Music is something we all enjoy. It is a powerful force; one that links each and every culture on earth…all has musical traditions.
The 2016 International Piano Masterworks Series, music making of the highest calibre, is presented by Ann Thompson of Medici Concerts in Brisbane. It will commence its season of four virtuoso piano events in the Concert Hall at QPAC starting 22nd May 2016 at 3pm.
This series in the classical tradition has an underlying theme in that all the solo pianists will present works by Poland’s famed composer Frédéric Chopin (1810-1849), allowing us to encounter the maturing of the composer’s technique.
Chopin’s was an abundant style, one that flourished through his fingers. There is a scene in the movie Impromptu (1991), which says it all, providing an insight into his marvellous music and output during his tumultuous love affair with novelist George Sand who was enamoured and captivated by the brilliance of his music making.
Australian actor Judy Davis featuring as George Sand lies down on the floor under the piano to admire Chopin’s playing as closely as possible,
As a young émigré in Paris, Frédéric Chopin thrilled his audiences in the Salons.
Very soon he became a much sought after piano performer and teacher.
London based Australian pianist Piers Lane Artistic Director of the Australian Festival of Chamber Music held annually in Townsville, has an extensive concerto repertoire and appears regularly at major music festivals and concert halls worldwide.
With strong technical command, stylish shaping of phrase, poise and grandeur, Pier’s Lane is renowned for playing the works of Frédéric Chopin.
His Chopin by Candlelight program on May 22nd, 2016 in the Concert Hall of QPAC will evoke the atmosphere of a candlelit salon at Paris.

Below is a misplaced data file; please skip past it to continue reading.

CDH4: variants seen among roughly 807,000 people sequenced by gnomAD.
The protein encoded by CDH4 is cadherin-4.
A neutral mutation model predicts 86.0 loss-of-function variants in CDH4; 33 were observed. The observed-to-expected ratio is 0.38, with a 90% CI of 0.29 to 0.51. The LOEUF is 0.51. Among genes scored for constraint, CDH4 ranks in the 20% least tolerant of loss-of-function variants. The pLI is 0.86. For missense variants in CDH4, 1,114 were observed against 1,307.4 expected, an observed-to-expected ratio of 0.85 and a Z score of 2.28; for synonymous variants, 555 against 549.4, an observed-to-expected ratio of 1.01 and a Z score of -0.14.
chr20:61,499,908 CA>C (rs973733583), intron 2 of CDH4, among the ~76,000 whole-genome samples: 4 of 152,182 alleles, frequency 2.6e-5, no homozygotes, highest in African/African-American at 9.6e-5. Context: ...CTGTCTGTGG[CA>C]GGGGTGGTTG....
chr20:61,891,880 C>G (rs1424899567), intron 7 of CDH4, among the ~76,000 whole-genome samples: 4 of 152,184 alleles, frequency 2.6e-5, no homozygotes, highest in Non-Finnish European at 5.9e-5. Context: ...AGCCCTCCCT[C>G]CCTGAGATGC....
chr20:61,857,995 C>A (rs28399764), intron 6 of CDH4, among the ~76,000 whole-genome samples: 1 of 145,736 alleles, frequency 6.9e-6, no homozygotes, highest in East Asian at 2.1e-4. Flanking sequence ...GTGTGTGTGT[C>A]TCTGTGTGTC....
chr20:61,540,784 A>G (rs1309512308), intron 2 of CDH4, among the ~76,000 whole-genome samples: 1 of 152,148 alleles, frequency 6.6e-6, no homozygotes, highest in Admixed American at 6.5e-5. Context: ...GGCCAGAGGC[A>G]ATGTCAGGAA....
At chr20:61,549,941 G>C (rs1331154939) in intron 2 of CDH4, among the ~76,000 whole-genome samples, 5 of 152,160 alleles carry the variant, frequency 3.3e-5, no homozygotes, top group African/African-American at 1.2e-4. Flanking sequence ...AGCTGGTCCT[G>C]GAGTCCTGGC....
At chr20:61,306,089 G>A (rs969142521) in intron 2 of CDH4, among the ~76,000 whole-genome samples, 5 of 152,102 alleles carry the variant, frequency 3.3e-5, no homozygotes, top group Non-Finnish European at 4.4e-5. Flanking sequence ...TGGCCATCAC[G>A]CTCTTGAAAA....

It will include an insightful tête-à-tête with Lane, who shares his knowledge, providing an insight into the evolution of works being played. They include the Impromptu No 1 in A flat major, Op 29, Fantaisie in F minor, Op 49, Etude in E major, Op 10 No 3, Ballade No 3 in A flat major, Op 47, Barcarolle in F sharp major, Op 60, Nocturnes Op 9 Nos 1 & 2, Op 62 Nos 1 & 2, the Mazurka Op 17 No 4 and Polonaise in F sharp minor, Op 44.
Chopin’s Nocturnes are ‘hauntingly beautiful’ and would have pleased his many followers then as they do now.
Over the years Chopin’s remarkable transformation affected the texture, growing harmonic richness and profound personal expression of his music.
This ensured his mature work and his youthful compositions would end up as a body of work planets apart, reflecting his steady artistic growth and ongoing spiritual refinement.
Ethereal melancholy, compelling originality with fireworks and exaltations, Chopin took his musical world by storm, with the poetry of his pianism and sound.
Multi-coloured harmony, enchanting melody all of these were only some of the characteristics of his music, which exuded romance that was highly original, with only a ‘few ancestors’.
Much admired pianist Alexander Gavrylyuk, who has won first prize at many of the world’s top international piano competitions will present works by Franz Schubert (1797-1828) and Frédéric Chopin, as well as the drama of the fiery Russians, Sergey Prokofiev (1891-1953), Sergey Rachmaninov (1873-1943) and Mily Balakirev (1837-1910).
Gavryluk studied music in Australia for a number of years before moving in 2006 to Berlin where he has established a brilliant career with the world’s top orchestras and conductors including Valery Gergiev.
He will commence his concert at the Conservatorium Theatre in Southbank with Franz Schubert’s Sonata in A Major D 664, which releases its emotions within bounds and while it has drama at its core, offers a view of his gentle lyrical spirit.
On the other hand the Oriental Fantasy by Mily Balakirev for the finale, is a superbly colourful imaginative and virtuosic showpiece from a complex character, one that moved within and without musical life, often in great torment.